Help with an Alkaline Battery Charger circuit

Discussion in 'Power Electronics' started by Al GR, Mar 21, 2017.

  1. Al GR

    Thread Starter New Member

    Mar 21, 2017
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    I wanted to build the alkaline battery charger in the diagram below and was hoping someone could confirm a few things about the circuit. I'm not sure who the original author is.

    1. There is no connection for the Base of the transistor in the diagram ? What should it be connected to ? Directly to ground ?
    2. Would it make sense that the variable resistor is 47 Ohms or should it be 47k Ohms
    3. The circuits calls for a 9.5v AC power supply. Could I power this with 9.5V DC knowing that the second 1.5v charging circuit ( lower in the diagram ) would not work.

    Thank you

    Charger.gif
     
  2. crutschow

    Expert

    Mar 14, 2008
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    You do realize the alkaline batteries are not meant to be charged, and if you try, will likely only provide a slight recharge, if any?
     
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  3. AlbertHall

    AAC Fanatic!

    Jun 4, 2014
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    And the batteries may object to being charged by leaking electrolyte.

    The base of the transistor is supposed to be disconnected. Used this way they don't conduct until the voltage reaches a threshold value and they conduct and dump the charge stored in the capacitor into the battery as a pulse. Read here.

    I don't know whether this would work well with a DC supply. Someone may be along shortly to do a simulation.
     
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  4. tcmtech

    Distinguished Member

    Nov 4, 2013
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    Unless its a purposely designed rechargeable alkaline battery you wont get anything for your efforts but a ruptured battery which typically destroys the charger or the device it's in via chemical reactions with whatever metal is near it.
     
  5. ian field

    AAC Fanatic!

    Oct 27, 2012
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    You can get acceptable results with pulse charging methods as long as they're not discharged too far - there were rechargeable alkalines released onto the market, but probably weren't much good, I haven't seen any on the shelves for a while.

    There's a very old plan for charging zinc-carbon cells; as simple as a transformer with half wave rectifier - the diode is shunted by a resistor so a small back flow occurs between the forward conduction half cycles.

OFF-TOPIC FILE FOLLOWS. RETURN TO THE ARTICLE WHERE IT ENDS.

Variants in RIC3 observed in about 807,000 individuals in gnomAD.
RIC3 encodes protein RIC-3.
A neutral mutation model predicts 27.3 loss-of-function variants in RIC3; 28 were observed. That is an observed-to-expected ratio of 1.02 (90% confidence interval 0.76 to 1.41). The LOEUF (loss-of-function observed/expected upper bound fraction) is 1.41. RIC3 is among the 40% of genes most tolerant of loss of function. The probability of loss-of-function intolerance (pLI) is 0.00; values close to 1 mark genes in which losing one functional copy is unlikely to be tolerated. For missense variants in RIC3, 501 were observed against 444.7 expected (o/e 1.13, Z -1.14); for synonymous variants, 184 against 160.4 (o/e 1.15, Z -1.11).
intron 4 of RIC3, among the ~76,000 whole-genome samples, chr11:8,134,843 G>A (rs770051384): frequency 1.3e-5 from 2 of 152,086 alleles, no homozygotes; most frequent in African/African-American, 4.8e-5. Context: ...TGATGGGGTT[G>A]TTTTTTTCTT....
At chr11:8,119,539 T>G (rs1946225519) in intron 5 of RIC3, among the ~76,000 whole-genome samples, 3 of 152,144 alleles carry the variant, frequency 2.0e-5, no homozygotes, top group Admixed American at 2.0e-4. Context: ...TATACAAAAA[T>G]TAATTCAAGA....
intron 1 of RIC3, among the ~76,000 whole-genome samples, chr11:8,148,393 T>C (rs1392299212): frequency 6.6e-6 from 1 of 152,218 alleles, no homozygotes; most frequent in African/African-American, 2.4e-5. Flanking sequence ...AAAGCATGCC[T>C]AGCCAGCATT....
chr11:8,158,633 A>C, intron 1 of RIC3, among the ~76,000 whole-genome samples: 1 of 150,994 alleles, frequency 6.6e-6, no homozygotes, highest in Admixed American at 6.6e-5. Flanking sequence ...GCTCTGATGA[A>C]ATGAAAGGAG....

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  6. tcmtech

    Distinguished Member

    Nov 4, 2013
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    I had a bunch of those for a while. The first generation of them were fair but life expectancy was way short of advertised.

    Next generation that came out turned out to be rather fair. I found they lasted a decent run time and took way more charges than the first ones I had.

    Last ones were the new eco friendly and were crappier than the first generation os since then I gave up on the idea and went with the NiMH ones. Still have them and they still work well when needed even after two years and more!
     
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  7. ian field

    AAC Fanatic!

    Oct 27, 2012
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    High frequency pulse charging works brilliantly for reviving old Ni-Cd cells - but doesn't do Ni-Mh any good.

    I was experimenting with a modified AT PSU to try to improve on the pulse method for alkaline - the results on alkaline were unimpressive, but astounding with Ni-Cd.
     
  8. Al GR

    Thread Starter New Member

    Mar 21, 2017
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    Thanks for all the replies and info. I didn't know transistors could be used that way as a pulse generator. I kinda figured the results wouldn't be fantastic recharging alkalines and am aware of the possibilities of leakage even if "properly" charged but I'm going to give the circuit a try just for fun. I'll post back with the results. Thanks.
     
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